Civil Liberties, Privacy, + Security
"If privacy is an essential component of personhood, how is personhood compromised by the information age, surveillance technologies, and other potential invasions of privacy? Similarly, what constitutes sufficient justification for the invasion of privacy by government, private individuals, or business entities? Lastly, for the purposes of constructing policy, how should policy reflect the appropriate balance in protecting privacy?" - Lisa Nelson in "Privacy and Technology: Reconsidering a Crucial Public Policy Debate in the Post-Sept. 11 Era"
Denver Attorney H. Bryan Cunningham divides privacy issues into two buckets or baskets: (1) the relationship of citizens to its government and (2) the relationship of citizens to everyone else such as marketers, big banks, computer companies, etc. The United States and European Union view these two categories "diametrically opposite" of each other, he said.
For example, British police have the authority to arrest and to hold suspects for up to 28 days without charging them with a crime; whereas, American police can only hold suspects for up to 48 hours, he said.
"In the United States, we have a lot of laws and regulations to protect citizens from their government," said the former deputy legal adviser to former President Bush and former Secretary of State Condoleezza Rice. "There are very few laws to protect citizens from the private sector. In Europe, they have a much more developed and coherent privacy directive, but it is explicitly not applicable to their government.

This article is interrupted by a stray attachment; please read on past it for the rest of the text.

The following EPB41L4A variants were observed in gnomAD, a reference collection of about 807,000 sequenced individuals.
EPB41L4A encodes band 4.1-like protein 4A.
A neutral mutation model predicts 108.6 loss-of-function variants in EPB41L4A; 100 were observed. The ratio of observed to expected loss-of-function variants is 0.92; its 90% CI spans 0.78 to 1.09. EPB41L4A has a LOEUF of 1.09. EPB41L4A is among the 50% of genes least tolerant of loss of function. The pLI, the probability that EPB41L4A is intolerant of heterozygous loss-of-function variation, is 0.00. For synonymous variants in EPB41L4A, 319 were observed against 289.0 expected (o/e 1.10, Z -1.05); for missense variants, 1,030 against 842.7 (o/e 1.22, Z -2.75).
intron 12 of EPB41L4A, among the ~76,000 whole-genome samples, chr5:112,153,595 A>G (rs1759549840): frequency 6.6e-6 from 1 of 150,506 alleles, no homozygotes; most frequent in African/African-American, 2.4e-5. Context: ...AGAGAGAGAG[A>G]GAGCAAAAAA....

"So you hear the Europeans complain about the United States' 'privacy and civil liberties,' when in reality, their governments are much more free to spy on their citizens than ours and the accountability of those governments is much less than ours."
The National Security Agency's (NSA) eavesdropping program is less relevant to students than other groups because the chance that any student is going to be communicating with an international terrorist is slim to none, he said. The chances increase slightly for faculty members conducting research with foreign contacts and who may unknowingly be associated with a terrorist organization, he said.
Cathryn L. Hazouri, former executive director of ACLU-Colorado, said that the NSA is collecting not only the phone numbers dialed and received on cell phones and landlines, but it is also listening in on conversations of law-abiding citizens. "This has particular impact for students and faculty in that it causes people to be more reticent about what they will discuss on the phone or send in an e-mail," she said.
The private sector is by far deeper into data mining than the U.S. government - big corporations track what you buy, where you go, where you shop, what Websites you visit, and where you travel, so they can more effectively target their marketing towards individual consumers, Cunningham said.
Another set of issues involves how much the government can "follow your thoughts around," he said. Can they get your library records? Can they get your Amazon.com records? Can they get your phone call toll records - not what you say on the phone, but who you talk to?
"That bleeds into data mining," he said. "How acceptable is it for the government to use very large computer [databases] to track patterns that the government thinks indicate potential terrorist activity and to surveil people because of patterns, not because of any specific potential crime?"
FISA Court - Burden or Safeguard?
Former President Bush has acknowledged that the NSA wiretapping program is inconsistent with the Foreign Intelligence Surveillance Act (FISA), he said. As a result, the president's critics may say that, once he freely admits this, then he has confessed to breaking the law and to acting as a criminal, he said.
"Unlike in 1978, FISA now makes it impossible-not inconvenient, not expensive, but impossible-for the president to carry out his constitutional duties to protect the United States from another terrorist attack," Cunningham said. "It's the statute and not the presidential actions that are unconstitutional."
The fundamental problem with FISA is that it still requires you to obtain either a court order or written determination - in advance - from the U.S. Attorney General (AG) that, if you went to court, then you could get an order, he said.